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A Second Wind for India’s Energy MarketFinancing Mechanisms to Support India’s National Wind Energy Mission

Rishabh Jain, Arunabha Ghosh, Rajeev Palakshappa, Poulami Choudhury
August 2014 | Renewables

Suggested Citation: Ghosh, Arunabha, Rajeev Palakshappa, Poulami Choudhury, and Rishabh Jain. 2014. A Second Wind for India’s Energy Market: Financing Mechanisms to Support India’s National Wind Energy Mission. New Delhi; New York: The Council on Energy, Environment and Water and Natural Resources Defense Council.

Overview

This issue brief, in collaboration with the Natural Resources Defense Council, analyses the growth of India’s wind energy market with a focus on financing mechanisms. It provides an overview of various financial mechanisms, such as private equity funding, non-recourse financing, green bonds, and initial public offerings being used in India and other countries. Further, it provides insights on wind financing policy evolution from 1987 to 2014.

In 2014, India’s renewable energy capacity is nearly 13 percent of the total generation capacity. Of the total renewable energy generation, wind energy currently makes up the majority with nearly 70 percent. According to the Ministry of New and Renewable Energy (MNRE), in 2010, the wind energy industry was estimated to be employing 42,000 people in India. An additional 60,000 wind energy jobs will be needed by 2020. This report provided insights on strong policy support required to strengthen India’s wind energy market.

Wind Installed Capacity has grown steadily in India

Source: National Institute of Wind Energy (NIWE), Wind Power installed capacity (MW) in India

Key Highlights

  • The primary reasons for the declining investments in India’s wind energy market are uncertainty around long-term policies and incentives such as Accelerated Depreciation (AD) and Generation Based Incentives (GBI).
  • Relatively high cost and low availability of debt in India increased the cost of renewable energy projects. This presented a major barrier to expanding the wind energy market.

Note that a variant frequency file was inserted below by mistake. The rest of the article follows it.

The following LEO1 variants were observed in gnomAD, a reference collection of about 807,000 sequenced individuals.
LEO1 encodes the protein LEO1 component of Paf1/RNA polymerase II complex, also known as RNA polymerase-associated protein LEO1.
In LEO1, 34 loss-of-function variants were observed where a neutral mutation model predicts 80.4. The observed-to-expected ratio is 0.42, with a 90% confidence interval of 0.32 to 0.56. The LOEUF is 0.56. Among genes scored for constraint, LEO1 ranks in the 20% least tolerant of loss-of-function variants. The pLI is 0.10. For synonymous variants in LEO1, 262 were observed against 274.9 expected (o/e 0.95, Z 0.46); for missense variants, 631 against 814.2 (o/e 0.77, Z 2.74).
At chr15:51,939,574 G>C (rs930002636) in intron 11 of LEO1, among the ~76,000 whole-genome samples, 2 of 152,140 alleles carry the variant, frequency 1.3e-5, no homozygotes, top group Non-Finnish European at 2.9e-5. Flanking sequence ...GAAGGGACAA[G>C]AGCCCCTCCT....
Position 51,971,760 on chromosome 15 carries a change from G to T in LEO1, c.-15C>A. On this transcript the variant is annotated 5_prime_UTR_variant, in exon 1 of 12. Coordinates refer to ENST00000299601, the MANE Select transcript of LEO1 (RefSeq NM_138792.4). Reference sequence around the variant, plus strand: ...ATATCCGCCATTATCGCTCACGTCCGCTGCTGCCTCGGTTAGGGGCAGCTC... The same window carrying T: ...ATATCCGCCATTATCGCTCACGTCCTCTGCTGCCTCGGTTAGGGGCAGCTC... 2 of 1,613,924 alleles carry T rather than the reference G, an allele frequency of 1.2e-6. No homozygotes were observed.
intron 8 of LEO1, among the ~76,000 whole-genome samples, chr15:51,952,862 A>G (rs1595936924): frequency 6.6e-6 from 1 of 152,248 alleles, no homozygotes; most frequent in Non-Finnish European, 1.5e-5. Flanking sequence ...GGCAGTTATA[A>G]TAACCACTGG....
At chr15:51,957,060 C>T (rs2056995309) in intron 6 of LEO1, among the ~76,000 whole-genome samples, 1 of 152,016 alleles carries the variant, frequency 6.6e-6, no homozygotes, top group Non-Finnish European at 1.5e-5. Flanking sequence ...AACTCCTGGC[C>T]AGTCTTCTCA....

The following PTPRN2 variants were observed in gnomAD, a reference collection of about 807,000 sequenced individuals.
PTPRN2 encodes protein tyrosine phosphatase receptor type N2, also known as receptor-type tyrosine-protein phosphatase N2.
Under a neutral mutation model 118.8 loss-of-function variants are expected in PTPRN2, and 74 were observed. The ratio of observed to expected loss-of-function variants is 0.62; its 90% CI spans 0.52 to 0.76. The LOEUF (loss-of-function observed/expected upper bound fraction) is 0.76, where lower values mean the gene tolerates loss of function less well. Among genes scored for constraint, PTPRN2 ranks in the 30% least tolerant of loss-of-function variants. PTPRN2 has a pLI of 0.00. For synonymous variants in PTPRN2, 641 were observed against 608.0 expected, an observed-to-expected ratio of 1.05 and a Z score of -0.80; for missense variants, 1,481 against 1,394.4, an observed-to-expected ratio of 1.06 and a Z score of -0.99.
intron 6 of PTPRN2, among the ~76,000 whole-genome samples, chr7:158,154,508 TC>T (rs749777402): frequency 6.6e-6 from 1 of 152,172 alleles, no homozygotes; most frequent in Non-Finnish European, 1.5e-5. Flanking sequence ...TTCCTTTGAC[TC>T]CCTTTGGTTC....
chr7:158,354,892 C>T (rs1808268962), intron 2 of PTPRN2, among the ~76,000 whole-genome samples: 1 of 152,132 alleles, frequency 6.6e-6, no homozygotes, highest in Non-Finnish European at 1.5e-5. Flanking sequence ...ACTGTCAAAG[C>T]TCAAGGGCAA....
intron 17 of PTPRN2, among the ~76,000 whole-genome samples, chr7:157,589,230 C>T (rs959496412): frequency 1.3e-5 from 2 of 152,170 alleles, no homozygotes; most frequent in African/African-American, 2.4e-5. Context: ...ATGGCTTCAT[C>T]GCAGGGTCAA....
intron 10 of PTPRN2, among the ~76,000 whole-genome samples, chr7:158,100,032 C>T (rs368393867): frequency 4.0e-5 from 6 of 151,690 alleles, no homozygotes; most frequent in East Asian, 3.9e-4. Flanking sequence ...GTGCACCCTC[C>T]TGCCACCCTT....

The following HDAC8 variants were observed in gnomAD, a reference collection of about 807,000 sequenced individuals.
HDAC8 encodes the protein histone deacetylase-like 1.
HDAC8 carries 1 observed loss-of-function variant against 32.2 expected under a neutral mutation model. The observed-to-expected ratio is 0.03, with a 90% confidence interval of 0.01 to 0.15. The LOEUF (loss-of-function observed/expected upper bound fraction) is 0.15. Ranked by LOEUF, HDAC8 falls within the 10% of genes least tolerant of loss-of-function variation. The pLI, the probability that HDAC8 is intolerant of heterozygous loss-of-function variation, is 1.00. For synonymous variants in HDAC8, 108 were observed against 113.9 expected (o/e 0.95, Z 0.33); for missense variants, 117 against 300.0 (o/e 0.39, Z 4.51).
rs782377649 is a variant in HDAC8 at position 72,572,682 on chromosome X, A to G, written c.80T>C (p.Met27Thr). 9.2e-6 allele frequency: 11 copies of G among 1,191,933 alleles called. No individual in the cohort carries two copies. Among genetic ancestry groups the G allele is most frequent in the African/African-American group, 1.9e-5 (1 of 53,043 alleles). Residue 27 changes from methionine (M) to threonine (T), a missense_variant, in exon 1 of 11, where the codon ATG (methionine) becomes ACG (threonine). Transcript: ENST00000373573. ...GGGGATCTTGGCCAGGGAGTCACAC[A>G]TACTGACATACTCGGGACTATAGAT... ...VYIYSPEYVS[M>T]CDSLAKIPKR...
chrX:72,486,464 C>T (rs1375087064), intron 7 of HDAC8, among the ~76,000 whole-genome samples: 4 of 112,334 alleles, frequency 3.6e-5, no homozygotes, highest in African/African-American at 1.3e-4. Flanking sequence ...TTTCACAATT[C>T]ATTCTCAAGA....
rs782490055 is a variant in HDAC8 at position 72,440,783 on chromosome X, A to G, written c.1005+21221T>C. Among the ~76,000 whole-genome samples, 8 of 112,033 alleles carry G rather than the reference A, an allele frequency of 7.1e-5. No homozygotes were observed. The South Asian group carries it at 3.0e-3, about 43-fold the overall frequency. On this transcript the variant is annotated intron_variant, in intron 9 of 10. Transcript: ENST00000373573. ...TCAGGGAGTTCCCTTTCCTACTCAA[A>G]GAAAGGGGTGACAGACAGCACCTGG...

• Conducive land acquisition policies, as in the states of Gujarat and Rajasthan, are vital for attracting investments in the wind energy market.
  • Consistent policy signals and strong implementation mechanisms that incorporate multi-stakeholder views was essential to advance wind energy and for drafting the National Wind Energy Mission.
  • Wind power deployment in 2012 and 2013 dropped by 18 per cent and 42 per cent, respectively, as compared with 2011.
  • Many states increased their wind power tariff by 2 to 15 per cent to attract investments. This shifted wind power projects from resource-rich states like Tamil Nadu and Gujarat and low-density states like Rajasthan, Madhya Pradesh, and Maharashtra.
  • Poor enforcement of Renewable Purchase Obligations (RPOs) and uncertainty about the future of Renewable Energy Certificates (REC) after 2017 reduced lender confidence in the REC mechanism.
  • United States has the second-most wind energy with 60 GW installed capacity, followed by Germany with 32.4 GW and Spain with 22.9 GW.

Key Recommendations

  • Enable strong and stable policy and enforce compliance directives to reinvigorate and sustain the market.
  • Improvise state government policies to effectively designate land for wind energy development while remaining responsive to local sensitive issues and other requirements.
  • Focus on additional financing incentives and measures, land acquisition policies, and enforcement of RPOs to meet India’s wind energy potential.
The relatively high cost and low availability of debt in India has significantly increased the cost of renewable energy projects, which presented a major barrier to the expansion of the wind market.

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